Now that you have made the wise decision to copyright your music and/or lyrics, you might find yourself overwhelmed by the forms. There are four forms located on the www.copyright.gov website that are used for protecting musical arrangements. They are Form PA, Simple Form PA, Form SR, and Form CON. Form PA and the Simple Form PA are both used to copyright written musical compositions, including lyrics. The Form SR protects sound recordings, including the music and lyrics. Finally, CON is used, when additional room is needed to complete one of the other forms. For more information regarding choosing the right form, visit
Because the majority of bands do not write their music down into a formal composition, we will focus on Form SR. The ideal solution is to register the sound recording, as well as the written musical composition, including any lyrics. If you and your band are the sole owners of the recording and the musical composition, as well as the lyrics, you can do all of this using the SR Form. If not, you will need to use a combination of the SR and the appropriate PA Form. To submit your music using SR, you will need two copies of the recording. The lyrics will need to be clearly discernable. If you are registering the written portion as well, you will also need two copies of the printed lyrics and musical composition.
Begin by filling out Section 1 with the appropriate title of the music. If the piece has an alternative, previous, or content title, insert the information and circle the correct category. In some cases a piece might be known by two names, you will want to register the song under both titles. Section 2 requires the information for the authors of the piece. This would be all of the band members, as well as anyone, who wrote the music or lyrics. If you require additional room, you can use the CON Form to list more names. Within this section, include names, date of birth, nationality (what country the person is from), if the author’s work was completed anonymously, and his or her contribution. For example, if this member helped to write the score for the music, then that information should be included under Nature of Authorship. If you are registering the sound recording and the musical composition, make sure that the appropriate party claims ownership under the Nature of Authorship section. For works that were commissioned by someone, be sure to check the “yes” box and follow the instructions located on the side of the form.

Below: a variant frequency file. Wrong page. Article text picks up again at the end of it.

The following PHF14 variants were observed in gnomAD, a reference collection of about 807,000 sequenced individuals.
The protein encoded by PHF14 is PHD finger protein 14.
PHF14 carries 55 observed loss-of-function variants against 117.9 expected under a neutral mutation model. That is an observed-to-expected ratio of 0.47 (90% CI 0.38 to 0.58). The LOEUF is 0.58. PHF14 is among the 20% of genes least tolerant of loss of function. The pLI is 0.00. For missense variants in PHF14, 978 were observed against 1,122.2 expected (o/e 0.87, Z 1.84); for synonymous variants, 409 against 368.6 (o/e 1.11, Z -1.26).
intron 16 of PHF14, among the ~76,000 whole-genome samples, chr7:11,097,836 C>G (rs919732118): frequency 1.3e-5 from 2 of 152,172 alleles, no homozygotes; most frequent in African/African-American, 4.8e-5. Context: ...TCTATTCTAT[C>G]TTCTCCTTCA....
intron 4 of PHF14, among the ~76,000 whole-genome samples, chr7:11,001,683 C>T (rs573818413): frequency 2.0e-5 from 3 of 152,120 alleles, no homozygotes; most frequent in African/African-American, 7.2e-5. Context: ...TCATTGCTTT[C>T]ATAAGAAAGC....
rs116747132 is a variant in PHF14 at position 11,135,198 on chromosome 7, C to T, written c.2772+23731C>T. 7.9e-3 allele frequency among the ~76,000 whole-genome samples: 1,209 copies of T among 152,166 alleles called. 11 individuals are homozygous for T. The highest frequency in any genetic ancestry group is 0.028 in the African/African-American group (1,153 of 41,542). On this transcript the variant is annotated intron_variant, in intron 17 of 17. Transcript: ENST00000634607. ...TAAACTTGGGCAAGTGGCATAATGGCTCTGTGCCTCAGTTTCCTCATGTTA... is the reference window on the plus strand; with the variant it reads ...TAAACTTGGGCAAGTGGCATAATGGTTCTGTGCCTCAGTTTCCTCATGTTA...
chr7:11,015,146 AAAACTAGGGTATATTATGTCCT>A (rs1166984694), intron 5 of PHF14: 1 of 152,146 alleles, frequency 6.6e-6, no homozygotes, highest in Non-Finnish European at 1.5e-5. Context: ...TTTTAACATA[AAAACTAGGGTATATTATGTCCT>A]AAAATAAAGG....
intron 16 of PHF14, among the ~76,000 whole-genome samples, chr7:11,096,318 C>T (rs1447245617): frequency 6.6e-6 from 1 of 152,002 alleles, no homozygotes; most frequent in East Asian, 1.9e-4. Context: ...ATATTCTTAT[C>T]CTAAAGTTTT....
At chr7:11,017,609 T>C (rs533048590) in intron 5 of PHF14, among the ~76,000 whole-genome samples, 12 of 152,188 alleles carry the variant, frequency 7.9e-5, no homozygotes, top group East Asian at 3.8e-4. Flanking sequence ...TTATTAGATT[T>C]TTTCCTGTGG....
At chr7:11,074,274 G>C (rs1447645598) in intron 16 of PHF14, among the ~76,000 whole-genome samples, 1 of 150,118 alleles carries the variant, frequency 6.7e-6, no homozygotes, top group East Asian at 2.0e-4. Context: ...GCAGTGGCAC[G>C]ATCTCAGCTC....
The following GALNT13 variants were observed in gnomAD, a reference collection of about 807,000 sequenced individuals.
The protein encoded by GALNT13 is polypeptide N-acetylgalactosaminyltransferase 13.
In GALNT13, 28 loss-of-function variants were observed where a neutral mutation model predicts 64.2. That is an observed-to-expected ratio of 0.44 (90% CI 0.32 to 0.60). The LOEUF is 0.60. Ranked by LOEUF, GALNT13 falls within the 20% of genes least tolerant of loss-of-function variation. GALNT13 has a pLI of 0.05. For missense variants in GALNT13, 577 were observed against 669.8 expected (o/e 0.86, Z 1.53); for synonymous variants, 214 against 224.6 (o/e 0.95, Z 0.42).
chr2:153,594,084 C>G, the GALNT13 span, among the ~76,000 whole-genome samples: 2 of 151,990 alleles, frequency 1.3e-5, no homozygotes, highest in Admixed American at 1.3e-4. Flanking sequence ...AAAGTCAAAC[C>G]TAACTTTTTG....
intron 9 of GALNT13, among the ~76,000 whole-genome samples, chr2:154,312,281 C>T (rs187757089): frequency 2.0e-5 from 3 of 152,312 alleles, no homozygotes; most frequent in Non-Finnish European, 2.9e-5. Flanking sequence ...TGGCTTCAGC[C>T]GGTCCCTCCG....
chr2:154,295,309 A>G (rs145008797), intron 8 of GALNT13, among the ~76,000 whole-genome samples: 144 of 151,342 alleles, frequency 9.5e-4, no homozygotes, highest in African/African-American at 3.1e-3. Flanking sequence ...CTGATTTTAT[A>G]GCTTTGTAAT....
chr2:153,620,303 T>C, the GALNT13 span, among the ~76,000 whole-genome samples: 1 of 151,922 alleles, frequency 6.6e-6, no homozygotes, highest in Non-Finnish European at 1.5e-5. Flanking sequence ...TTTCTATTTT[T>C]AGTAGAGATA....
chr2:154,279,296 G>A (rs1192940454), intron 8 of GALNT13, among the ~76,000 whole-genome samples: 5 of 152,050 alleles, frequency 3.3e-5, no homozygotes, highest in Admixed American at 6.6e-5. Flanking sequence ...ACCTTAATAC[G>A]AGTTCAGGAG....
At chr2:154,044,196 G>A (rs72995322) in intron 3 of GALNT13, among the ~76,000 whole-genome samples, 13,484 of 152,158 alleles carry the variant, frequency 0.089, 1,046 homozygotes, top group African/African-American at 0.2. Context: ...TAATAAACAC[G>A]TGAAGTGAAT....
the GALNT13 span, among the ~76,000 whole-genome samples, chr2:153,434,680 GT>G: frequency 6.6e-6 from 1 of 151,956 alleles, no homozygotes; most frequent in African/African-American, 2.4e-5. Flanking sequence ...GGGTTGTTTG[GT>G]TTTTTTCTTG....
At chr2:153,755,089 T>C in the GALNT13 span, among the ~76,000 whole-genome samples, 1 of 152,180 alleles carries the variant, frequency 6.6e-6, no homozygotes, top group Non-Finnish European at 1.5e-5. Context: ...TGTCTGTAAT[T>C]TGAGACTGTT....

In Section 3 enter the year the recording was completed. In addition, you will need to include the date, when the music was first recorded, and the country in which it took place. Under Section 4, each member that is claiming authorship will need to include his or her name and address. Use the CON form, if you need additional room. If you obtained the copyright from someone else, you must explain how you acquired it within this portion of the form. For works that are being resubmitted for some reason, check the “yes” box under the Previous Registrations portion of Section 5. In most cases, the “no” box will be selected, and you will move on to Section 6. However, if this is a resubmission, notate the appropriate reason, as A, B, or C, and enter the previous registration number and year that it occurred. Then explain your answer under Section 6. Like Section 6, most individuals can skip Section 7a, which deals with deposit accounts for paying the registration fees. This is for people, who register material on a regular basis and keep an open account used for paying the fees.
Section 7b is critical. This is the individual, who will be contacted regarding any issues arising from the copyright. You should include a name, address, phone number, email, and fax number for the person, who you want to be the contact. You will certify ownership in Section 8. Simply check the appropriate box and type or print the name(s) with the date. Be sure that the date is not before any date listed in Section 3. Then have each individual on the form sign the document on the line provided in Section 8. In Section 9, enter the name and address where the certificate should be mailed.
Once the form is completed, you will need to include two copies of the recording and the printed composition, if applicable. In an envelope place the non-returnable copies, the finished forms, and a check or money order for $45 made out to Register of Copyrights. Everything should be mailed to the Library of Congress, Copyright Office, 101 Independence Avenue SE, Washington DC, 20559-6000. The Register’s Office is not responsible for lost materials, so spend the extra money and mail your package via certified mail, return receipt requested. The process is slow, so don’t expect to see your certificate for at least four to five months, but you are now on your way to securing your future.
Updated: February 18, 2008
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